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Superpower Legal Rivalry and the Global Compliance Dilemma

Date & Time: March 4, 2024 (Monday) 12:00 - 13:00 

Venue: Academic Conference Room, 11/F, Cheng Yu Tung Tower, HKU

Speaker:  Professor Ji Li, John & Marilyn Long Professor of US-China Business and Law, Irvine School of Law, University of California

Discussant: Professor Jedidiah Kroncke, Associate Professor of Law, The University of Hong Kong

Chair: Professor Angela Zhang, Director of the Philip K. H. Wong Centre for Chinese Law, Associate Professor of Law, The University of Hong Kong

Registration: Please click HERE

Description:

The intensifying rivalry between the United States and China has spawned a proliferation of contradictory laws and regulations, plunging transnational actors into a vexing compliance dilemma—conformity with U.S. law often necessitates contravention of Chinese law, and vice versa. Ji illuminates this superpower legal rivalry and how multinational corporations (MNCs), as prime beneficiaries of post-Cold War economic globalization, navigate this fractured, intricate legal terrain when compelled to take sides amid the great power competition. He triangulates this comparative analysis with novel empirical evidence, leveraging two sets of original survey data to investigate Chinese MNCs’ varying exposure to the compliance dilemma. This talk formulates a theoretical framework that models the superpower legal rivalry and corporate reactions as parts of a dynamic, strategic, multi-actor process. Applying insights from neo-institutionalism, this paradigm-shifting account integrates the analyses of corporate internal and external responses to the fractured, intricate global compliance environment. The legal rivalry and the responses of transnational actors will profoundly reshape the existing international legal, economic, and political orders.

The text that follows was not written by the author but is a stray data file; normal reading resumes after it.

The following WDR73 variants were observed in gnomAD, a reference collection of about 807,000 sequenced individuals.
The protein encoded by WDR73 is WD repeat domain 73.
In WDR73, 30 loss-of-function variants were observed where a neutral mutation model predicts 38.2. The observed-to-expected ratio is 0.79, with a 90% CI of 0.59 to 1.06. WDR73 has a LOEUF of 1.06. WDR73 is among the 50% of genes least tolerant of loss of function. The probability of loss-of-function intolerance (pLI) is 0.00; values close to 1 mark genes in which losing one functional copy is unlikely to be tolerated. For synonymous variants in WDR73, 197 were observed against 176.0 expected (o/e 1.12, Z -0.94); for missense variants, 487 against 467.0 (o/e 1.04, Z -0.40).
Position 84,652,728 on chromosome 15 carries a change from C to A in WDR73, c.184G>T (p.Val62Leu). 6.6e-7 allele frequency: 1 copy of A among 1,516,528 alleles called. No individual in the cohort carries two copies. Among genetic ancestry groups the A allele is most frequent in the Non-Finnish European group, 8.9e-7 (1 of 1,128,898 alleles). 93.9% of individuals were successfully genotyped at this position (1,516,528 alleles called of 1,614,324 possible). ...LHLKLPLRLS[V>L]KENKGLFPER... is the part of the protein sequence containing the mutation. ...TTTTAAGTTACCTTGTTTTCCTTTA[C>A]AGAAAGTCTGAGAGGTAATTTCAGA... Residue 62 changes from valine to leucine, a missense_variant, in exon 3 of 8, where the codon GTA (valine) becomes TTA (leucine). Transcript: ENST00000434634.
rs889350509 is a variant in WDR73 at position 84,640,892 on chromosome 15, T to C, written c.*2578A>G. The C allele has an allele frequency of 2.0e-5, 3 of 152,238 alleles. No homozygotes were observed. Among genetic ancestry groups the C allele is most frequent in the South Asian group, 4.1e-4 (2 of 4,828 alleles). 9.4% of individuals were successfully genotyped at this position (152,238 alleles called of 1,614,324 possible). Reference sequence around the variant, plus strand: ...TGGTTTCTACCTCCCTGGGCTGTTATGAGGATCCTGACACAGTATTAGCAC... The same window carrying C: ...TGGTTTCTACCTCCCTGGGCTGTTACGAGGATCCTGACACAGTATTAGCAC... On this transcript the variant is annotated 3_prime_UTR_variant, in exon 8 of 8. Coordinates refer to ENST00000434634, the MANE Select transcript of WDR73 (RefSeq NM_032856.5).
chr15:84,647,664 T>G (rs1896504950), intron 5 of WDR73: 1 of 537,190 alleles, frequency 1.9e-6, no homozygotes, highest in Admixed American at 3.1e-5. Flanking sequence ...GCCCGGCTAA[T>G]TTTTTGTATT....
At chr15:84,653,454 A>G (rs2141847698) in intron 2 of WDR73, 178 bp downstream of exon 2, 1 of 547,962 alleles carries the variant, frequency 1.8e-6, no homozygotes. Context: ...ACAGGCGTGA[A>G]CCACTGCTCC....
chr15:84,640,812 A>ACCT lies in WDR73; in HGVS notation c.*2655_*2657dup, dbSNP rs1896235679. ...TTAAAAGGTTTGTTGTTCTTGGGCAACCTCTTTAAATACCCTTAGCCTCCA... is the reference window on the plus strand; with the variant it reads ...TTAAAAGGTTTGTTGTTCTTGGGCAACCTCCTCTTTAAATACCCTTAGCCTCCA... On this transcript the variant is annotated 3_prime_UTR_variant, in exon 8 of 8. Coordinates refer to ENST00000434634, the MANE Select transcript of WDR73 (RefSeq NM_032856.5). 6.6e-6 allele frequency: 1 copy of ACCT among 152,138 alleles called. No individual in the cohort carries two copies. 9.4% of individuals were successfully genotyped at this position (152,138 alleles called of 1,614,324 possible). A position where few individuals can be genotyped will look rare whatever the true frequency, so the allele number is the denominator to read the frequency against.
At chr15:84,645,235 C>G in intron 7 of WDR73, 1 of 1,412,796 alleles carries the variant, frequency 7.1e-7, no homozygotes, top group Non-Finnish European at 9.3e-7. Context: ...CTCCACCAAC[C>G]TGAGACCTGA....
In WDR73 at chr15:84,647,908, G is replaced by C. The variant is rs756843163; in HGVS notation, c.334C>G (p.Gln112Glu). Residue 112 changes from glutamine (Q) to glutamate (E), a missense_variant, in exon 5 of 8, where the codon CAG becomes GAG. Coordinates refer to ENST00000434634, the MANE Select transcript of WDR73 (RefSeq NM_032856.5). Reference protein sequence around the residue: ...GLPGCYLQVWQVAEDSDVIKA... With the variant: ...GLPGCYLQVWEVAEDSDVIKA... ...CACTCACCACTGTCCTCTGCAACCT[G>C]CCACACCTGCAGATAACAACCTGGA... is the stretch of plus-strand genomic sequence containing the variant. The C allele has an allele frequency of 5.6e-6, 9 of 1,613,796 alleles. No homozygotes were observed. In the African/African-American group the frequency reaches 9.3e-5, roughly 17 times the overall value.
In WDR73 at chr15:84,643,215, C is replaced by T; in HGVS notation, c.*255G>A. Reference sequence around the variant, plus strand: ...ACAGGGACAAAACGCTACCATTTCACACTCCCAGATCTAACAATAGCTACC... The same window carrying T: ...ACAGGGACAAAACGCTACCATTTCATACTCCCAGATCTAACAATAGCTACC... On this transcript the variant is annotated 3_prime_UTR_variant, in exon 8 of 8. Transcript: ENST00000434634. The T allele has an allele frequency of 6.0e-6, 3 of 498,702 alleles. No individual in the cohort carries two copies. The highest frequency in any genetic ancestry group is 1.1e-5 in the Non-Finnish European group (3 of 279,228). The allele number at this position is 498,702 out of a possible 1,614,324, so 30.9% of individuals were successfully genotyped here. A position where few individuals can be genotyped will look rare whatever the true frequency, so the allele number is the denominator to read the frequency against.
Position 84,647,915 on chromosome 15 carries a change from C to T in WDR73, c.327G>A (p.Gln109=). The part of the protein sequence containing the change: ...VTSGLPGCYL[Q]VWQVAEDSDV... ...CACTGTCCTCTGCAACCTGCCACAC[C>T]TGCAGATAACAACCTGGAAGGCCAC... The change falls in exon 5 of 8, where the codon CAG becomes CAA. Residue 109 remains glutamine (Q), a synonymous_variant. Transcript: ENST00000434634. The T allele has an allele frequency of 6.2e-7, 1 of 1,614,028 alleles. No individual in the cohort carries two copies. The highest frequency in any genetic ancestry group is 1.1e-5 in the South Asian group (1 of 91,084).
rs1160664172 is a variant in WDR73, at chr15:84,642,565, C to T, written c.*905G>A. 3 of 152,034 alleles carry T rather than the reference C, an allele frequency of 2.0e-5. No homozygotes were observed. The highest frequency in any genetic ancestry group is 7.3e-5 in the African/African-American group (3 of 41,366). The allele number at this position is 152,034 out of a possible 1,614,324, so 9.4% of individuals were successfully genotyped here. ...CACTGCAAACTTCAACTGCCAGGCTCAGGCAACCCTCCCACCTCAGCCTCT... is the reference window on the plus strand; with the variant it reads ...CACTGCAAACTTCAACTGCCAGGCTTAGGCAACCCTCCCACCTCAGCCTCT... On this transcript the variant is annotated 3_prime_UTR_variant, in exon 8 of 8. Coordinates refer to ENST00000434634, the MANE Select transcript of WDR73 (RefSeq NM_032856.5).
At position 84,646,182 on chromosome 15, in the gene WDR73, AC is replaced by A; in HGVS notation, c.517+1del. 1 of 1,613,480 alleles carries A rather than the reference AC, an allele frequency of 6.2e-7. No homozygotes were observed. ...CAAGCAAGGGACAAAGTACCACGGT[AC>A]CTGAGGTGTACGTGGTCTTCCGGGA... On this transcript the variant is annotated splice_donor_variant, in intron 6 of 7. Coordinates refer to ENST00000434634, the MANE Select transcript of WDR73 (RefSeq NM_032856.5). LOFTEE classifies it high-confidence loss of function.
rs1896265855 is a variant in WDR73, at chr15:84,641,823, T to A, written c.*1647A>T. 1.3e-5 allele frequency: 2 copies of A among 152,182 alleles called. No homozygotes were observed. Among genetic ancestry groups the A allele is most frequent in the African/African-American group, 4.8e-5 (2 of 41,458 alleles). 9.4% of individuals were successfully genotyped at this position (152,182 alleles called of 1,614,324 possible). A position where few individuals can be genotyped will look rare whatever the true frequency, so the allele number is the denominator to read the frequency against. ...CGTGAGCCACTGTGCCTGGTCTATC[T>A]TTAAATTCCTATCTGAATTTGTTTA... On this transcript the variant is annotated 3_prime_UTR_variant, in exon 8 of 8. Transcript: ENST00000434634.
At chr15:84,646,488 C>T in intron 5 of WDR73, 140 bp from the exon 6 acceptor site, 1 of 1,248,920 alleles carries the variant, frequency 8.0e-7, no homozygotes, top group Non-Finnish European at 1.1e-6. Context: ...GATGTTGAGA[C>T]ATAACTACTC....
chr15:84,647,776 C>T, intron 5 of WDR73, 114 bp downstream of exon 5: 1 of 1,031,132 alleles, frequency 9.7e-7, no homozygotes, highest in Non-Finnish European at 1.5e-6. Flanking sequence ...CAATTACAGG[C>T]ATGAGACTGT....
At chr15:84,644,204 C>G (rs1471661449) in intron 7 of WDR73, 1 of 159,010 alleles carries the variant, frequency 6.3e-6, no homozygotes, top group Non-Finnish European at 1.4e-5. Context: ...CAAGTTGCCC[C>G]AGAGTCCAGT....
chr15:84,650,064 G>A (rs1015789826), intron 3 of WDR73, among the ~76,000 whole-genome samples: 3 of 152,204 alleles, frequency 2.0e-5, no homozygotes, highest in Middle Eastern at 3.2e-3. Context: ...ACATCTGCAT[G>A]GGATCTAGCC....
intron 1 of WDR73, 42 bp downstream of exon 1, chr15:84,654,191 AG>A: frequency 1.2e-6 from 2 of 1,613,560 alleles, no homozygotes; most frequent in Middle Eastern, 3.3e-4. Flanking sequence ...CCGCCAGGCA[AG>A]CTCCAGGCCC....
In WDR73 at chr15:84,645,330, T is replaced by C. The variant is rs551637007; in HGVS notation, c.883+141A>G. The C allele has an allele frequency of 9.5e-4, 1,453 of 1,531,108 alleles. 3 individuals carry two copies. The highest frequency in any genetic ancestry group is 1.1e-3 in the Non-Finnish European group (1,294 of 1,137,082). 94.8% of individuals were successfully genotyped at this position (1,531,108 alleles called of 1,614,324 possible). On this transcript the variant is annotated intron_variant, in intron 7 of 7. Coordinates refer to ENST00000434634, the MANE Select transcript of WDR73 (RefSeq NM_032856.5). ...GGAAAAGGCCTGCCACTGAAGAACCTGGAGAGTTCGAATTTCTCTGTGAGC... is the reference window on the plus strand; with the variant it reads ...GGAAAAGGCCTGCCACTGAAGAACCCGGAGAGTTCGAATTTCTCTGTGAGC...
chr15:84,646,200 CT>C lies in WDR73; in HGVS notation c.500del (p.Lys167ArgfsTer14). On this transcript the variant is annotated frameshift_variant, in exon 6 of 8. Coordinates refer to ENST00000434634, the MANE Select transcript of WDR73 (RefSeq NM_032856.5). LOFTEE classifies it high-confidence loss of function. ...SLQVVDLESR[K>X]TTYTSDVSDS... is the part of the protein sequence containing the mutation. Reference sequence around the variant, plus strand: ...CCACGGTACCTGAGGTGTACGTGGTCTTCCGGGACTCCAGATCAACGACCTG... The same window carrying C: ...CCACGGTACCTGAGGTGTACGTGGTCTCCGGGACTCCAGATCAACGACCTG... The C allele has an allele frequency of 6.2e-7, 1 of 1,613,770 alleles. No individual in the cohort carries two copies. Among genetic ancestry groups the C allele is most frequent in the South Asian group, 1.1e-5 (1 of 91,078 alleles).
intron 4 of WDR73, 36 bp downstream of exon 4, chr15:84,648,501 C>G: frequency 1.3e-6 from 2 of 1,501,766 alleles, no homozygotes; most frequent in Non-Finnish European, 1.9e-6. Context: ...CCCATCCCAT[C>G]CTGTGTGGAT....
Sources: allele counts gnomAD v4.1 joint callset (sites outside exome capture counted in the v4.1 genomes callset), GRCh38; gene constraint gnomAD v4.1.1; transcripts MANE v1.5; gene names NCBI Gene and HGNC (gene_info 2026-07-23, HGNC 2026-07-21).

AI Outputs Are Not Protected Speech

Date & Time: March 13, 2024 (Wednesday) 12:00 - 13:00 

Venue: Room 723, 7/F, Cheng Yu Tung Tower, HKU

Speaker: Peter N. Salib, Assistant Professor of Law, the University of Houston Law Center and Associated Faculty in Public Affairs

Chair: Professor Angela Zhang, Director of the Philip K. H. Wong Centre for Chinese Law, Associate Professor of Law, The University of Hong Kong

Registration: Please click HERE

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Description:

AI outputs are not protected speech. When a generative AI system—like ChatGPT—outputs some text, image, or sound, no one thereby communicates. Systems like ChatGPT are designed to be able to “say” essentially anything, producing innumerable ideas and opinions that neither creators nor users have conceived or endorsed. Thus, when a human asks an AI a question, the AI’s answer is no more the asker’s speech than a human’s answer would be. Nor do AI outputs communicate their creators’ thoughts, any more than a child’s speech is her parents’ expression. In such circumstances, First Amendment law is clear. Absent a communication from a protected speaker, there is no protected speech. Peter explains why as a matter of First Amendment law, free speech theory, and computer-scientific fact, AI outputs are best understood as fitting into one or more of these less-protected First Amendment categories. These insights will be indispensable to the regulatory project of making AI safe for humanity.